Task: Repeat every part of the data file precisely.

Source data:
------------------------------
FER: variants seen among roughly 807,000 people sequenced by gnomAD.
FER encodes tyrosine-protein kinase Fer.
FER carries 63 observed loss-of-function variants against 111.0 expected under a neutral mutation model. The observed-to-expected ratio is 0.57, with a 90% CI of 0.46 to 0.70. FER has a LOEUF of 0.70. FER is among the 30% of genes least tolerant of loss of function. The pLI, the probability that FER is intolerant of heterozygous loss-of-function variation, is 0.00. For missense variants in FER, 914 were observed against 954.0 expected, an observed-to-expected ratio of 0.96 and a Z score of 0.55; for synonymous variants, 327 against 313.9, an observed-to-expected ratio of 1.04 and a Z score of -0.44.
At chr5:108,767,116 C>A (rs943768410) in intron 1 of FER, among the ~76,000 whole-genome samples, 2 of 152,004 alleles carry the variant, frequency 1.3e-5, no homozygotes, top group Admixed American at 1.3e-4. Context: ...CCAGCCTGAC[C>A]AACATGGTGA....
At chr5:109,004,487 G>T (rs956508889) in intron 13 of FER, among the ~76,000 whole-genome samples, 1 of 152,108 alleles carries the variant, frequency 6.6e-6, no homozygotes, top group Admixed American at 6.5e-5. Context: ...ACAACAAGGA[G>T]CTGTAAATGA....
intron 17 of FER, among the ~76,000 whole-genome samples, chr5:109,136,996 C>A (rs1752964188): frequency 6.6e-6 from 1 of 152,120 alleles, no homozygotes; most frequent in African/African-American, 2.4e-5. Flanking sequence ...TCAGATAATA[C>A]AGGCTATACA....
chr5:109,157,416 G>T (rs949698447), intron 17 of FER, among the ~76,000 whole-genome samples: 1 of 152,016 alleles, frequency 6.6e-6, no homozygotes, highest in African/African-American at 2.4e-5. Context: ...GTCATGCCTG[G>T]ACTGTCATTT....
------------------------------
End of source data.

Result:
FER: variants seen among roughly 807,000 people sequenced by gnomAD.
FER encodes tyrosine-protein kinase Fer.
FER carries 63 observed loss-of-function variants against 111.0 expected under a neutral mutation model. The observed-to-expected ratio is 0.57, with a 90% CI of 0.46 to 0.70. FER has a LOEUF of 0.70. FER is among the 30% of genes least tolerant of loss of function. The pLI, the probability that FER is intolerant of heterozygous loss-of-function variation, is 0.00. For missense variants in FER, 914 were observed against 954.0 expected, an observed-to-expected ratio of 0.96 and a Z score of 0.55; for synonymous variants, 327 against 313.9, an observed-to-expected ratio of 1.04 and a Z score of -0.44.
At chr5:108,767,116 C>A (rs943768410) in intron 1 of FER, among the ~76,000 whole-genome samples, 2 of 152,004 alleles carry the variant, frequency 1.3e-5, no homozygotes, top group Admixed American at 1.3e-4. Context: ...CCAGCCTGAC[C>A]AACATGGTGA....
At chr5:109,004,487 G>T (rs956508889) in intron 13 of FER, among the ~76,000 whole-genome samples, 1 of 152,108 alleles carries the variant, frequency 6.6e-6, no homozygotes, top group Admixed American at 6.5e-5. Context: ...ACAACAAGGA[G>T]CTGTAAATGA....
intron 17 of FER, among the ~76,000 whole-genome samples, chr5:109,136,996 C>A (rs1752964188): frequency 6.6e-6 from 1 of 152,120 alleles, no homozygotes; most frequent in African/African-American, 2.4e-5. Flanking sequence ...TCAGATAATA[C>A]AGGCTATACA....
chr5:109,157,416 G>T (rs949698447), intron 17 of FER, among the ~76,000 whole-genome samples: 1 of 152,016 alleles, frequency 6.6e-6, no homozygotes, highest in African/African-American at 2.4e-5. Context: ...GTCATGCCTG[G>T]ACTGTCATTT....